The Lickets, an American experimental-folk outfit based in San Francisco, culitvates such an air of mystery that clear photos of the trio are a rare thing indeed. So we were delighted when multi-instrumentalists Lena Buell, Mitch Greer, and Rachel Smith not only provided us with a rare glimpse of The Lickets at work but also composed a predictably idiosyncratic article for this month's issue; in their own words, the article is not a top ten per se but rather "a few things we like in no particular order and limited to ten." The trio's currently celebrating the simultaneous release of two superb albums, Her Name Came On Arrows and They Turned Our Desert Into Fire (both on International Corporation / Gandhara), that collectively make the most powerful argument to date for their transporting brand of psychedelic music-making. What follows offers ample insight into the minds responsible for such sonic wizardry.

1. The Tomorrow People: The Original Television Soundtrack (Trunk Records, 1969)

As kids, we really didn't get it. Basically, it just made sure from the opening that we knew that there was a relationship between our hands, an opening flower, a disembodied eye, and a series of minimalist grids to a moog soundtrack. Now we know it was a model for being in a band: unusual transportation, secret bases, telepathy, and avoiding floating orbs.

2. Brigitte Fontaine, Areski Belkacem and The Art Ensemble of Chicago: Comme à la Radio (Saravah,1970)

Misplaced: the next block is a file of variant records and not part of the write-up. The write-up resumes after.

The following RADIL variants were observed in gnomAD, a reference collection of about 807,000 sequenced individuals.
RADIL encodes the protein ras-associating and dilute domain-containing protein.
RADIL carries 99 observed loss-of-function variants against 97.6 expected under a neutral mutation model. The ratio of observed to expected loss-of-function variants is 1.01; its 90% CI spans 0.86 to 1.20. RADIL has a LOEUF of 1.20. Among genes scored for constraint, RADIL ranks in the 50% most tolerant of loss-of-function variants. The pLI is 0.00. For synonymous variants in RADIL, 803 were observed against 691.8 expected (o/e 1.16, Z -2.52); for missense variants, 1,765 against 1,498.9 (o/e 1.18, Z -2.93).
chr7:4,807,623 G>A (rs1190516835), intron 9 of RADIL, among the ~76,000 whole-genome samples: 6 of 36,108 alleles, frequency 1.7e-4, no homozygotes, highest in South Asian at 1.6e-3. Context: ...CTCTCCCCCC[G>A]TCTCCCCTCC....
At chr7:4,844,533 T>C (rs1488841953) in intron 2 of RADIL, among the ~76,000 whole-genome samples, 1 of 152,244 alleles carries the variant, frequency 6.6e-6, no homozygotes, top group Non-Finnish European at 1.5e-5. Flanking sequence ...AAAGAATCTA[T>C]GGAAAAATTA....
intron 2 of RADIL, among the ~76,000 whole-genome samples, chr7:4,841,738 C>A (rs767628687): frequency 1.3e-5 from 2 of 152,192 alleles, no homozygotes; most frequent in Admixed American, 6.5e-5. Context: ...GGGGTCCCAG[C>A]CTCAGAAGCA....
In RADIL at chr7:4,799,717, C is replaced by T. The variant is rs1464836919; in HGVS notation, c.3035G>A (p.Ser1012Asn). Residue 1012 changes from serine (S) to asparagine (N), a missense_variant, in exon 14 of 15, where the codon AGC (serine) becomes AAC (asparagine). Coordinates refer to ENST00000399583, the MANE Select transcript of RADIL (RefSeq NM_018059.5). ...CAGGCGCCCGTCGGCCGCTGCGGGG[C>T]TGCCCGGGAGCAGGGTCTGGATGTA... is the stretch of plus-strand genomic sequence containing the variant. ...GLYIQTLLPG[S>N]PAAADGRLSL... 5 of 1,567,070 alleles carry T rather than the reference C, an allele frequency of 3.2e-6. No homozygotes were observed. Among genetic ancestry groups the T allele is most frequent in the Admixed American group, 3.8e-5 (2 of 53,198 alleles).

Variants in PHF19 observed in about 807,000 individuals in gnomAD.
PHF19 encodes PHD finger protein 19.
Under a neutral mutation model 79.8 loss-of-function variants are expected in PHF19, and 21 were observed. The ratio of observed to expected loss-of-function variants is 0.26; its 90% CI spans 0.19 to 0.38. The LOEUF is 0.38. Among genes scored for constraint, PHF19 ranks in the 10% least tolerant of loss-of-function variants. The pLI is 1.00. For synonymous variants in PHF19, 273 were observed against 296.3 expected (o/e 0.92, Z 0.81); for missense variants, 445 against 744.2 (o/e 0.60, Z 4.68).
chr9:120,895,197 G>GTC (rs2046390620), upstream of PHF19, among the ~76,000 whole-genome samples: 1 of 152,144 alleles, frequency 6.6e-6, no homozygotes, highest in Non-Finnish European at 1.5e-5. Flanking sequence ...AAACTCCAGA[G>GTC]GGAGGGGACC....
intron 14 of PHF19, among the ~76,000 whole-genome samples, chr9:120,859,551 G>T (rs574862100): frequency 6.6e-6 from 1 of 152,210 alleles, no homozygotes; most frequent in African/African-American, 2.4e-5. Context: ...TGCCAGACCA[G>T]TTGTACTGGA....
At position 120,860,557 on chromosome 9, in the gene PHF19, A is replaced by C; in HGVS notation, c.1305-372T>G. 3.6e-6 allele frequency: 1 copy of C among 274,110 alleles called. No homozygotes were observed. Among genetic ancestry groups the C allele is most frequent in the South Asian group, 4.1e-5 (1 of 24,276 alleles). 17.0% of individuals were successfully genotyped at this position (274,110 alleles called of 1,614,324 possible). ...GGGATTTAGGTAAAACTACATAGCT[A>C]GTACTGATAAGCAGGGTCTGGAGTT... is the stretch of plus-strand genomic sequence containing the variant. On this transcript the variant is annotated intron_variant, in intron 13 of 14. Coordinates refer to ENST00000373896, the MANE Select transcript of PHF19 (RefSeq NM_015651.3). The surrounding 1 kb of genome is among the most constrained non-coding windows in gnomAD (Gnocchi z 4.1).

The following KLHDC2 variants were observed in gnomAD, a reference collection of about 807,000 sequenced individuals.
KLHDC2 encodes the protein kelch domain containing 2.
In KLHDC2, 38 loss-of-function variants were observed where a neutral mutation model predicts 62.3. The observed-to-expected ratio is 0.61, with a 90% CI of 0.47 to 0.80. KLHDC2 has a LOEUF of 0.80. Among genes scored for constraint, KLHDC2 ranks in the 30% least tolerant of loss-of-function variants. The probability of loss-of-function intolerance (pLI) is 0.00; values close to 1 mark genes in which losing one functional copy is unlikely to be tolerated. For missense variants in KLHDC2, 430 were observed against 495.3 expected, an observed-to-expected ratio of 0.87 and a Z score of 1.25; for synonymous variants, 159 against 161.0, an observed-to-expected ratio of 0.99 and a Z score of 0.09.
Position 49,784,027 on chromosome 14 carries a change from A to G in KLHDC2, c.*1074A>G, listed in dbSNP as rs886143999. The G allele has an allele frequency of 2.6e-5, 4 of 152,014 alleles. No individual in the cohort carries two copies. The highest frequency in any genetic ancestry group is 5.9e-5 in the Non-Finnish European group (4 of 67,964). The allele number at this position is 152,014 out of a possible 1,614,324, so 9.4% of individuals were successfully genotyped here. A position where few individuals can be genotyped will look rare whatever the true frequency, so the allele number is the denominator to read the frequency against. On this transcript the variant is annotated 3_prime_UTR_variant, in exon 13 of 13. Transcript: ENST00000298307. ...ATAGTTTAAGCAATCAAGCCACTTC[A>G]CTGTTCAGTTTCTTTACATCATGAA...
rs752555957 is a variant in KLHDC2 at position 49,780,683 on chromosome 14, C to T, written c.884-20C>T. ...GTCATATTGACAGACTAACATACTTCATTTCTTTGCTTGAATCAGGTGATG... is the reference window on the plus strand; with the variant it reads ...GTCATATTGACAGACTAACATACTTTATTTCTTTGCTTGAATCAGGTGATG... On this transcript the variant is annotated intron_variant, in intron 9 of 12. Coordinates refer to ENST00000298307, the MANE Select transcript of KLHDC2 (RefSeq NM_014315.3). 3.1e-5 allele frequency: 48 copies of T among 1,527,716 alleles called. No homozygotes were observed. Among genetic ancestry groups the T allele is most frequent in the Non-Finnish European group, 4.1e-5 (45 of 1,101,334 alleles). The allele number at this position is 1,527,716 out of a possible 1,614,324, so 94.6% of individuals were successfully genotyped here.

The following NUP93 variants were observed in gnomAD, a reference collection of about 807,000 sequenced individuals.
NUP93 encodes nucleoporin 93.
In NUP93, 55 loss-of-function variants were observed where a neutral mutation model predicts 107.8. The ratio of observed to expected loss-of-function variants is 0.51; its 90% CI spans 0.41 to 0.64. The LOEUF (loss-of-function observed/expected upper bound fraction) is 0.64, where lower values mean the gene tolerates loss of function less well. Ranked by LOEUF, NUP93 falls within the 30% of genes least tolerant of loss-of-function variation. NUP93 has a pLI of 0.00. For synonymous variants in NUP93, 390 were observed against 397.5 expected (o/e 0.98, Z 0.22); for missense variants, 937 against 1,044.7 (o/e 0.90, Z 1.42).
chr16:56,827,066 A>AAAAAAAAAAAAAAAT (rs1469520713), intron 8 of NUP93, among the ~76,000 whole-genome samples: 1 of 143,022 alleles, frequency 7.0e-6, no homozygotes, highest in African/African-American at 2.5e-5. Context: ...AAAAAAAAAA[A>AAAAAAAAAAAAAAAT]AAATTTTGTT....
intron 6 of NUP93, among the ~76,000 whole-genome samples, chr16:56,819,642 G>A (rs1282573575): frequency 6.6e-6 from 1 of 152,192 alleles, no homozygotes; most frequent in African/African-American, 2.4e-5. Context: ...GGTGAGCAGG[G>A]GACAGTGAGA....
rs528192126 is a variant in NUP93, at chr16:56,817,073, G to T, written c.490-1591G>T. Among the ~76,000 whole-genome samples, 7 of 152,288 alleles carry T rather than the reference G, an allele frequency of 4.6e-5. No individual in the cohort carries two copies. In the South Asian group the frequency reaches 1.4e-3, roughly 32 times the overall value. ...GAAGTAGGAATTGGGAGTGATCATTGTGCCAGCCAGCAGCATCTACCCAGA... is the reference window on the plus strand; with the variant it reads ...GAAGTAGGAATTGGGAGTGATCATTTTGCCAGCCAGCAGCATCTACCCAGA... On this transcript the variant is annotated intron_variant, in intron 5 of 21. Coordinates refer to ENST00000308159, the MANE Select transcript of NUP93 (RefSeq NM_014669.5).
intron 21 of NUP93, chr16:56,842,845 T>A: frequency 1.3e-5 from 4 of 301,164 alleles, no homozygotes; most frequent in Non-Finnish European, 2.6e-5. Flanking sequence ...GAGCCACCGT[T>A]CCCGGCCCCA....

All of it.

3. Tony Conrad at the San Francisco Art Institute (Sat., April 4, 2009)

This was the best show we saw this year. It sounded kind of like this.

4. Shirley Collins and the Albion Country Band: “Murder of Maria Marten,” No Roses (Pegasus Records, 1971)

Shirley Collins sounds in this song like she's about to scream if that is at all possible. Then it stops in the middle, unexpectedly, from a Liege and Leaf Fairport Convention Folk/Rock hybrid to just a hurdy gurdy drone. It stays that way for awhile, and then goes back to the four-piece rock band. It's the only example we can think of of a dirge solo in a 1970s rock song. It's strange and amazing.

5. Nausicaa na na nana

Nausicaa is the princess of a wind-powered kingdom who is the only one that knows a giant toxic jungle of spores—threatening to engulf all that is left of humanity after an apocalyptic destruction of hybrid techno-humanoid giants called God Warriors—is a cleansing force that will save the Earth because she can sense and communicate through empathy with giant insects covered in thousands of eyes called Ohmu. This is her theme song.

6. 13th Floor Elevators: Bull of the Woods (International Artists, 1968)

It baffles why this album has been so badly criticized for its production values, sloppiness, and lack of Roky Erikson's input. This is a fitting final album for 1960s-period 13th Floor Elevators with a quintessential Texas feel, and the poor production values really make it an incredible listen, not to mention the album cover's graphic which shows that the bull of the woods actually lives inside of a tree.

7. Oum Kalthoum Improvisation

In this clip, as the audience encourages her, Oum Kalthoum re-approaches a lyric, slowly changing it until it's just ecstatic emotion, melody, and two words.

8. Barong Ket

Who wouldn't like Barong Ket? Gamelan music goes wherever he goes, and he helps to keep the world in cosmic balance.

9. Experimental Musical Instruments Website

A great resource. Worthwhile alone for the entire Experimental Musical Instruments Journal (1985-1999) available on CD-ROM.

10. Ravi Shankar: My Music, My Life (Simon and Schuster, 1969)

Ravi Shankar's autobiography has a history of Indian classical music (both Hindustani and Carnatic), a brief instruction on the sitar, personal observations, and some photos—a really great introduction.

October 2009